Julie Barton wrote Dog Medicine: How My Dog Saved Me From Myself and published with a smaller press, Think Piece Publishing.
On the day of her books debut, her book was already sold out in pre-orders! She has received rave reviews from Pam Houston, Cheryl Strayed and the ratings on Amazon and Goodreads are through the roof with joy over this stellar memoir.
Based on Julies struggle with depression when she sought purpose and something to hold onto she met Bunker, a beautiful golden retriever puppy and together they saved each other. Now you can win a FREE SIGNED COPY – by following the contest guidelines below. Enjoy the After The Show Q&A full of great writing tips for aspiring authors.
Press play to hear the first part of our interview on Literary Speaking below:
AFTER THE SHOW Q&A
Do you have a daily routine, or did you during the writing of Dog Medicine?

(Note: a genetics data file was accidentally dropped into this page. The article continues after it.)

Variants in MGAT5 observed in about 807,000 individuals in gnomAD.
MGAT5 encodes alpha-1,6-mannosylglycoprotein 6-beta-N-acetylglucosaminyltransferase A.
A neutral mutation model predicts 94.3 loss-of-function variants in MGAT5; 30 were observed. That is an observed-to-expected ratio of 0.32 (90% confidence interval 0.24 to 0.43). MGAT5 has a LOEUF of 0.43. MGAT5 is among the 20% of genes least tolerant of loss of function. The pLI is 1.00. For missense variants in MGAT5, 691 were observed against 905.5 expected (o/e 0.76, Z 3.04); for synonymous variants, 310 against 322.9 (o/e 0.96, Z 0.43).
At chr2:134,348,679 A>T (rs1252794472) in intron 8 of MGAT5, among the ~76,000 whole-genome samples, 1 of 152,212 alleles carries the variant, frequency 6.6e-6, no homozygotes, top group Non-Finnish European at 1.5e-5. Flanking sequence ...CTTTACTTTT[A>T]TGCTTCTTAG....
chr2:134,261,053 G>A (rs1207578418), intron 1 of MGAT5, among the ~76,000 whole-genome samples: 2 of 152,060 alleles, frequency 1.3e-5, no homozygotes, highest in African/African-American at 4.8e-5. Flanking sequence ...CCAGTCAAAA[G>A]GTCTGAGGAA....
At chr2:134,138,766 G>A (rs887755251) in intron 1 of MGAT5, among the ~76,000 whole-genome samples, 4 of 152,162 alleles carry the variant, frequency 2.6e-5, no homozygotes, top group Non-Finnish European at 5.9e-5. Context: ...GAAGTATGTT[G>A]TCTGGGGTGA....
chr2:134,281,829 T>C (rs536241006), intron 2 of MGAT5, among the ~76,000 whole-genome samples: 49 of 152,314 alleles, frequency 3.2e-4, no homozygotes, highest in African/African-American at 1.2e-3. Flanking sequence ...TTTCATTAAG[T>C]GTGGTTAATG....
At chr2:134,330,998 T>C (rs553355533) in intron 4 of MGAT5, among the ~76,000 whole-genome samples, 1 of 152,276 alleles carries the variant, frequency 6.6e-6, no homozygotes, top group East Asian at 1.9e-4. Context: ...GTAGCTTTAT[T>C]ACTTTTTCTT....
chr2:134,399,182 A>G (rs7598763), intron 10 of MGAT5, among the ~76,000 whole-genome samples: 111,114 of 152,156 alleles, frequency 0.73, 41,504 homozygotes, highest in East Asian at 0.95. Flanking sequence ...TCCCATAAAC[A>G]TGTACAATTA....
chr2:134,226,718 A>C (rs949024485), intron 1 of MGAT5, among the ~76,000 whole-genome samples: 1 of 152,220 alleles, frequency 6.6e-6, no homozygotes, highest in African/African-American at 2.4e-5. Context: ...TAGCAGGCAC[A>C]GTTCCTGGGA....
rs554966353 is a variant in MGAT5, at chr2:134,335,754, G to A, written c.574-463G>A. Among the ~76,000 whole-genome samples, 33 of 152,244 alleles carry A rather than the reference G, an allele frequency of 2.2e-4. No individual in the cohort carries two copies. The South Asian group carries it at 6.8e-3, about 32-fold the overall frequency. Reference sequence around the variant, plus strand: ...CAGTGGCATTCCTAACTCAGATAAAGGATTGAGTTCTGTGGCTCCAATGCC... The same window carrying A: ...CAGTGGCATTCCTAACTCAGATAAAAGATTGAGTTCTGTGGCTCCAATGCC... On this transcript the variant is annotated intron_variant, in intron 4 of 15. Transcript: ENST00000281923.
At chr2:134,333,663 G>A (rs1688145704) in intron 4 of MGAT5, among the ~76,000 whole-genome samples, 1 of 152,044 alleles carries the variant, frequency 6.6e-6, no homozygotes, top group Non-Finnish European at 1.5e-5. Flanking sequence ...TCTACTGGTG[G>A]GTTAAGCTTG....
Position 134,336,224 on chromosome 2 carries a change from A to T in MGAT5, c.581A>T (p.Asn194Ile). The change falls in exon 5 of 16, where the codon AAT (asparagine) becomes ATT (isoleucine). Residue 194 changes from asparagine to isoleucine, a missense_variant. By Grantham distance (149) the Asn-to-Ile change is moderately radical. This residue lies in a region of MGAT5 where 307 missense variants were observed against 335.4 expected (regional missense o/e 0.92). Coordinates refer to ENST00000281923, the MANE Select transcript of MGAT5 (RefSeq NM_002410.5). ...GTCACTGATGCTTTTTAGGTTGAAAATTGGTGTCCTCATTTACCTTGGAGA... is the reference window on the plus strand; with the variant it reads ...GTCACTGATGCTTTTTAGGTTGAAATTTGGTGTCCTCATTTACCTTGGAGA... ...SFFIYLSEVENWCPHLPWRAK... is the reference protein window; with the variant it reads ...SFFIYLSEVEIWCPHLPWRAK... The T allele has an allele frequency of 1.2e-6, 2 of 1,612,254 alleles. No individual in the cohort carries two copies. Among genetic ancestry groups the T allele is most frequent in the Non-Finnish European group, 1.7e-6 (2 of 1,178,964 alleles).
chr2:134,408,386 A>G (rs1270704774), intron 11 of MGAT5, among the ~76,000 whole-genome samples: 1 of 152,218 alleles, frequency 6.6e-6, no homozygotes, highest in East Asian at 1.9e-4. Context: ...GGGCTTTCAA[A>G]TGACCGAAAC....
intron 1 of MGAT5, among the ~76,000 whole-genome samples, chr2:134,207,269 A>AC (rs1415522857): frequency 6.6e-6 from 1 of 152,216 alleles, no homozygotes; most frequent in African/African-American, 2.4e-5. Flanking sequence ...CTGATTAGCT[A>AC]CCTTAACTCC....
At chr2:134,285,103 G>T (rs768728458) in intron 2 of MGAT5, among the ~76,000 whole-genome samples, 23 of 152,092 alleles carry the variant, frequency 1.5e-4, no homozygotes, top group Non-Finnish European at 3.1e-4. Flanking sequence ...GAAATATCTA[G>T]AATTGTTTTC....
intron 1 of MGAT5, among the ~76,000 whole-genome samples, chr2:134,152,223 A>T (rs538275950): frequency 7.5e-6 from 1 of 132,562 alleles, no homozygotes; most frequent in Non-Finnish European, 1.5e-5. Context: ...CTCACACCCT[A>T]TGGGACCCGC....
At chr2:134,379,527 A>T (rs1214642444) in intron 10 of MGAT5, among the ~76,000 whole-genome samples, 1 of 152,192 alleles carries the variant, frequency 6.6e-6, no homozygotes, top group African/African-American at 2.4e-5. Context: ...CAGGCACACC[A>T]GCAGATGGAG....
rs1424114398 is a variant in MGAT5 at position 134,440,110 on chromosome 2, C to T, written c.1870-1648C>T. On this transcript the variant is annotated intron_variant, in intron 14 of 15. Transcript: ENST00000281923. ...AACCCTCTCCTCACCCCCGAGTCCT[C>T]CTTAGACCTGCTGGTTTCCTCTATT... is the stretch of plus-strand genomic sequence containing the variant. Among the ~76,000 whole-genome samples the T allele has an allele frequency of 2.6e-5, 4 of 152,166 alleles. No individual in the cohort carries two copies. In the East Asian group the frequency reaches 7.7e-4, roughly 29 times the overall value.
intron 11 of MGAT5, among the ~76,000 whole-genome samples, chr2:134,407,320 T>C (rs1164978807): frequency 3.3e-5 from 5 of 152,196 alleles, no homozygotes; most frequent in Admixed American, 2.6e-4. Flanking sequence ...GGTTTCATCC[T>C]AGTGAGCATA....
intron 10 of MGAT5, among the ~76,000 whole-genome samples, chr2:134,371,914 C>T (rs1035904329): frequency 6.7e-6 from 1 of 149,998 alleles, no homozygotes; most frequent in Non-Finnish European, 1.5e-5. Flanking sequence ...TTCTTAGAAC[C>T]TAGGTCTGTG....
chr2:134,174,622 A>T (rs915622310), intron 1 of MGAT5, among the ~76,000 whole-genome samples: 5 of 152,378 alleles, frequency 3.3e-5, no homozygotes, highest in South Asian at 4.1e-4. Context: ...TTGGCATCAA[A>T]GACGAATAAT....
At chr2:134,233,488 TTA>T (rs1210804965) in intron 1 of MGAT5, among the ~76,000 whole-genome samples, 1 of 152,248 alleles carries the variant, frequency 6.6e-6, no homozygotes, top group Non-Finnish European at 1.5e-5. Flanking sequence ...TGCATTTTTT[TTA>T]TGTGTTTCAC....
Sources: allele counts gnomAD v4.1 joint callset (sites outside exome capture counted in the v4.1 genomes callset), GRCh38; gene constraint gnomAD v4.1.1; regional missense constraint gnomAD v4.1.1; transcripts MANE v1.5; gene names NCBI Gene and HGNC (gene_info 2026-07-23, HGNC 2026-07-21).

No real routine to speak of, no. I have two kids who were 2 and 5 when I started writing the book. They’re 8 and 11 now. I was lucky if I got time while they were at school, but even then half the time I had to do things like buy food, do laundry, exercise, find the floor underneath all the toys and clothes, etc.
So I often would find just a moment—an hour here or there—during which I could write. Before kids, I needed a whole day to get into “writing mode.” Now I can sit and get going (as long as I know what I’m writing about) within 5 minutes. But I wrote at all times, odd hours, in coffee shops, at my desk, on the dining room table, in bed, on the couch, everywhere. And often for about two hours or less.
What was the most challenging part of writing a memoir?
Giving it an arc. When you’re living your life, you’re not looking at moments that become crises or climaxes in the book as such. That crisis just felt like a bad day you wanted to survive. The good stuff brought relief that something went well—and wasn’t experienced as the culmination of a story.
So you have to really pull yourself out of the story (your life) and look at it from a bird’s eye view in order to understand the arc of the memoir. That’s why I think memoirs written about events that happened 10 or so years ago are often the most powerful. Perspective is priceless.